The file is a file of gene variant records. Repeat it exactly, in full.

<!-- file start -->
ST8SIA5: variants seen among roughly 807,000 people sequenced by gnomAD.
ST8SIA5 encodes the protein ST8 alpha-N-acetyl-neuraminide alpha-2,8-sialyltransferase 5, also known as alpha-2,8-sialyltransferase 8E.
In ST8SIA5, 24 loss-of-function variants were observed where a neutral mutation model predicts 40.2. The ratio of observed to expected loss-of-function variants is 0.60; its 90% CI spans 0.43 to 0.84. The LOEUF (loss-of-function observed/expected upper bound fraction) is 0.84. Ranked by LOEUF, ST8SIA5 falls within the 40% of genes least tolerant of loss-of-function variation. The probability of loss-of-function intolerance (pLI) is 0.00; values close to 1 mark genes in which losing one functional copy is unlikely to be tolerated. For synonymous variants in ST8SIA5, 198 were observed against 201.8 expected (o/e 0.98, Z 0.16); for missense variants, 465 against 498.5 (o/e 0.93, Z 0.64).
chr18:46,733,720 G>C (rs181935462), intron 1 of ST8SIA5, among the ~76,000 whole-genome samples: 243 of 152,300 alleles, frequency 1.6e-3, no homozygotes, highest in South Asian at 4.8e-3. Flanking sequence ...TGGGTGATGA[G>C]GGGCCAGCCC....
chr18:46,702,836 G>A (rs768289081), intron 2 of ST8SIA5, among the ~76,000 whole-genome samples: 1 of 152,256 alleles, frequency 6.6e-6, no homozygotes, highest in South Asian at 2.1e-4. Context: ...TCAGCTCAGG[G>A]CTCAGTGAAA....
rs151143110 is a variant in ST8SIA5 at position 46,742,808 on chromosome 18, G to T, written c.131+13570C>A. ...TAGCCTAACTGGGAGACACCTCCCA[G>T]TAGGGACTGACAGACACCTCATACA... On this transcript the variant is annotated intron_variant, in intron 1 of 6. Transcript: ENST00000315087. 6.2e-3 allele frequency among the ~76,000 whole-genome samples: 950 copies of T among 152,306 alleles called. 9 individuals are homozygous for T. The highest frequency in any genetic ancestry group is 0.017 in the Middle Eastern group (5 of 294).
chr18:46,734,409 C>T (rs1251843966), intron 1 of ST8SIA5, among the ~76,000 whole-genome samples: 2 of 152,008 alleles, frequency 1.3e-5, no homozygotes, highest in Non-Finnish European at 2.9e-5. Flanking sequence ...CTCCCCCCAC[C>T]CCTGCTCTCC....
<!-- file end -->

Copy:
ST8SIA5: variants seen among roughly 807,000 people sequenced by gnomAD.
ST8SIA5 encodes the protein ST8 alpha-N-acetyl-neuraminide alpha-2,8-sialyltransferase 5, also known as alpha-2,8-sialyltransferase 8E.
In ST8SIA5, 24 loss-of-function variants were observed where a neutral mutation model predicts 40.2. The ratio of observed to expected loss-of-function variants is 0.60; its 90% CI spans 0.43 to 0.84. The LOEUF (loss-of-function observed/expected upper bound fraction) is 0.84. Ranked by LOEUF, ST8SIA5 falls within the 40% of genes least tolerant of loss-of-function variation. The probability of loss-of-function intolerance (pLI) is 0.00; values close to 1 mark genes in which losing one functional copy is unlikely to be tolerated. For synonymous variants in ST8SIA5, 198 were observed against 201.8 expected (o/e 0.98, Z 0.16); for missense variants, 465 against 498.5 (o/e 0.93, Z 0.64).
chr18:46,733,720 G>C (rs181935462), intron 1 of ST8SIA5, among the ~76,000 whole-genome samples: 243 of 152,300 alleles, frequency 1.6e-3, no homozygotes, highest in South Asian at 4.8e-3. Flanking sequence ...TGGGTGATGA[G>C]GGGCCAGCCC....
chr18:46,702,836 G>A (rs768289081), intron 2 of ST8SIA5, among the ~76,000 whole-genome samples: 1 of 152,256 alleles, frequency 6.6e-6, no homozygotes, highest in South Asian at 2.1e-4. Context: ...TCAGCTCAGG[G>A]CTCAGTGAAA....
rs151143110 is a variant in ST8SIA5 at position 46,742,808 on chromosome 18, G to T, written c.131+13570C>A. ...TAGCCTAACTGGGAGACACCTCCCA[G>T]TAGGGACTGACAGACACCTCATACA... On this transcript the variant is annotated intron_variant, in intron 1 of 6. Transcript: ENST00000315087. 6.2e-3 allele frequency among the ~76,000 whole-genome samples: 950 copies of T among 152,306 alleles called. 9 individuals are homozygous for T. The highest frequency in any genetic ancestry group is 0.017 in the Middle Eastern group (5 of 294).
chr18:46,734,409 C>T (rs1251843966), intron 1 of ST8SIA5, among the ~76,000 whole-genome samples: 2 of 152,008 alleles, frequency 1.3e-5, no homozygotes, highest in Non-Finnish European at 2.9e-5. Flanking sequence ...CTCCCCCCAC[C>T]CCTGCTCTCC....